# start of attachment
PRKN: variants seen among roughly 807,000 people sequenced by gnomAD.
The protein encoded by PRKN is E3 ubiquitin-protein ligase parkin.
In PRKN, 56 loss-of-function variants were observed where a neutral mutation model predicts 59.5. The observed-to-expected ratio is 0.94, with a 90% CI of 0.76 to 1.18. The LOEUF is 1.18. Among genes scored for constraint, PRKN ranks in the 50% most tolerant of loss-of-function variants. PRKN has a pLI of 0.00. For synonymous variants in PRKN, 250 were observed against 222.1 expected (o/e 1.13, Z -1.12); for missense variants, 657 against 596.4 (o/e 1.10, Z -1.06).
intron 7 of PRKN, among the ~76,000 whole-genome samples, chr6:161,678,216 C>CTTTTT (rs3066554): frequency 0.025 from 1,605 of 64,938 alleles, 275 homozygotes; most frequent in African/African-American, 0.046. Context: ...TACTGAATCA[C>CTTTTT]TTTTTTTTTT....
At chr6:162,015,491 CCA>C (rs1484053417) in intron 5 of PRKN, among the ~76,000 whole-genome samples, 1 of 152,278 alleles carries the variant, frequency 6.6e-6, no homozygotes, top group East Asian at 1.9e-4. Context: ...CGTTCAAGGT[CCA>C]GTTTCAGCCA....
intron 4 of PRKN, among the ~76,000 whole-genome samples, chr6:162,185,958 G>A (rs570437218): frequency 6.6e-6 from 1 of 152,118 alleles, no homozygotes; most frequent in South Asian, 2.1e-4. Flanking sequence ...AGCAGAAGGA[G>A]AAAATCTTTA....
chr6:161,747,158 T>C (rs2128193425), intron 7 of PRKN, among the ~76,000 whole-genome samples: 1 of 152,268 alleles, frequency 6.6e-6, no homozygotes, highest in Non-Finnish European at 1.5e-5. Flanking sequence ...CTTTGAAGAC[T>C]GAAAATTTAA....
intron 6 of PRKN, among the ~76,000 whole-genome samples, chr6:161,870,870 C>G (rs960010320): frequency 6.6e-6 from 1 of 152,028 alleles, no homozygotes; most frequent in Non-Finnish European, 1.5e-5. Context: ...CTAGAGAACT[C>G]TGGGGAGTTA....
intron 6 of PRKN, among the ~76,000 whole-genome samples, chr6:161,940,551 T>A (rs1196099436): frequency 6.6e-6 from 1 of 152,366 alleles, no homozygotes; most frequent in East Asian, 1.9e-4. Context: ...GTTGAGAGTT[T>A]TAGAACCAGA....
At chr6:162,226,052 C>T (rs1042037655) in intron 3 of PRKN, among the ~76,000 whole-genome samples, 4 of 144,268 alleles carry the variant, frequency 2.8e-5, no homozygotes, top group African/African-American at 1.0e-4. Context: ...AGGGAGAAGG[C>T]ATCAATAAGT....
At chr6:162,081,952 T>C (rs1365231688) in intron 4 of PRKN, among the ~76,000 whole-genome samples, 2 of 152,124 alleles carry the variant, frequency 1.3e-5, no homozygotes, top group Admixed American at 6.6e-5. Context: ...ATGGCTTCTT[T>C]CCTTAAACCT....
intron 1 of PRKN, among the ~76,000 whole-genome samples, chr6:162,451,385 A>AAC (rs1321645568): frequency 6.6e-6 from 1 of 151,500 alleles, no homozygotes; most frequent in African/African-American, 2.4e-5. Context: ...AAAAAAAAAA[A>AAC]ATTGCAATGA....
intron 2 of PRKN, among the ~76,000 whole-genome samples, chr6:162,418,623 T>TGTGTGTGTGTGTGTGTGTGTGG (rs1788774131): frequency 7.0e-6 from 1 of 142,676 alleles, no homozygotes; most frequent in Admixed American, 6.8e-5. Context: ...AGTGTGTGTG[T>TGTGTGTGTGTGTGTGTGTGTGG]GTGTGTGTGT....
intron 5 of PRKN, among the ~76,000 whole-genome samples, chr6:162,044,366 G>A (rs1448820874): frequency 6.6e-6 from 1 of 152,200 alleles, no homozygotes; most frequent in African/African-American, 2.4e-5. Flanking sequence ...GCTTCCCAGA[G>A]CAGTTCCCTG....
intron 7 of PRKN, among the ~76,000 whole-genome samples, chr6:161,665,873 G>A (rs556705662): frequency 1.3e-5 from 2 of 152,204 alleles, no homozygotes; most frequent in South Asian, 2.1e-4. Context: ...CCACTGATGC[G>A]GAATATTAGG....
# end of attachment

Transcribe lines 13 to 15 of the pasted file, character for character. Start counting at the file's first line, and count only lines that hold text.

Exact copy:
intron 2 of PRKN, among the ~76,000 whole-genome samples, chr6:162,418,623 T>TGTGTGTGTGTGTGTGTGTGTGG (rs1788774131): frequency 7.0e-6 from 1 of 142,676 alleles, no homozygotes; most frequent in Admixed American, 6.8e-5. Context: ...AGTGTGTGTG[T>TGTGTGTGTGTGTGTGTGTGTGG]GTGTGTGTGT....
intron 5 of PRKN, among the ~76,000 whole-genome samples, chr6:162,044,366 G>A (rs1448820874): frequency 6.6e-6 from 1 of 152,200 alleles, no homozygotes; most frequent in African/African-American, 2.4e-5. Flanking sequence ...GCTTCCCAGA[G>A]CAGTTCCCTG....
intron 7 of PRKN, among the ~76,000 whole-genome samples, chr6:161,665,873 G>A (rs556705662): frequency 1.3e-5 from 2 of 152,204 alleles, no homozygotes; most frequent in South Asian, 2.1e-4. Context: ...CCACTGATGC[G>A]GAATATTAGG....